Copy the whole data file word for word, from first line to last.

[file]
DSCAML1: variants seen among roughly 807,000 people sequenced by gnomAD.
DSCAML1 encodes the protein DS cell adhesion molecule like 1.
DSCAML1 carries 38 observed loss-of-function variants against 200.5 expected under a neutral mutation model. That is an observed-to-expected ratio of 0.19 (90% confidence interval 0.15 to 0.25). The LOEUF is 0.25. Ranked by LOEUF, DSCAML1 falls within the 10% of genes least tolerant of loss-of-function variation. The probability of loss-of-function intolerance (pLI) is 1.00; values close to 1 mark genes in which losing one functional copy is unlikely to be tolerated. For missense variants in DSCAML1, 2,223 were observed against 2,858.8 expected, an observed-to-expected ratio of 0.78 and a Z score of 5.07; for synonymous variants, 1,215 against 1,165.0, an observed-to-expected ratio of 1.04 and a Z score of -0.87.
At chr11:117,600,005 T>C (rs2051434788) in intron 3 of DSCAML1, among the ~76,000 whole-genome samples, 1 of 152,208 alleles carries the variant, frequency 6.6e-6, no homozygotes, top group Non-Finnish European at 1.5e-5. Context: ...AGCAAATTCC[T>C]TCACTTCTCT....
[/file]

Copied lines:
DSCAML1: variants seen among roughly 807,000 people sequenced by gnomAD.
DSCAML1 encodes the protein DS cell adhesion molecule like 1.
DSCAML1 carries 38 observed loss-of-function variants against 200.5 expected under a neutral mutation model. That is an observed-to-expected ratio of 0.19 (90% confidence interval 0.15 to 0.25). The LOEUF is 0.25. Ranked by LOEUF, DSCAML1 falls within the 10% of genes least tolerant of loss-of-function variation. The probability of loss-of-function intolerance (pLI) is 1.00; values close to 1 mark genes in which losing one functional copy is unlikely to be tolerated. For missense variants in DSCAML1, 2,223 were observed against 2,858.8 expected, an observed-to-expected ratio of 0.78 and a Z score of 5.07; for synonymous variants, 1,215 against 1,165.0, an observed-to-expected ratio of 1.04 and a Z score of -0.87.
At chr11:117,600,005 T>C (rs2051434788) in intron 3 of DSCAML1, among the ~76,000 whole-genome samples, 1 of 152,208 alleles carries the variant, frequency 6.6e-6, no homozygotes, top group Non-Finnish European at 1.5e-5. Context: ...AGCAAATTCC[T>C]TCACTTCTCT....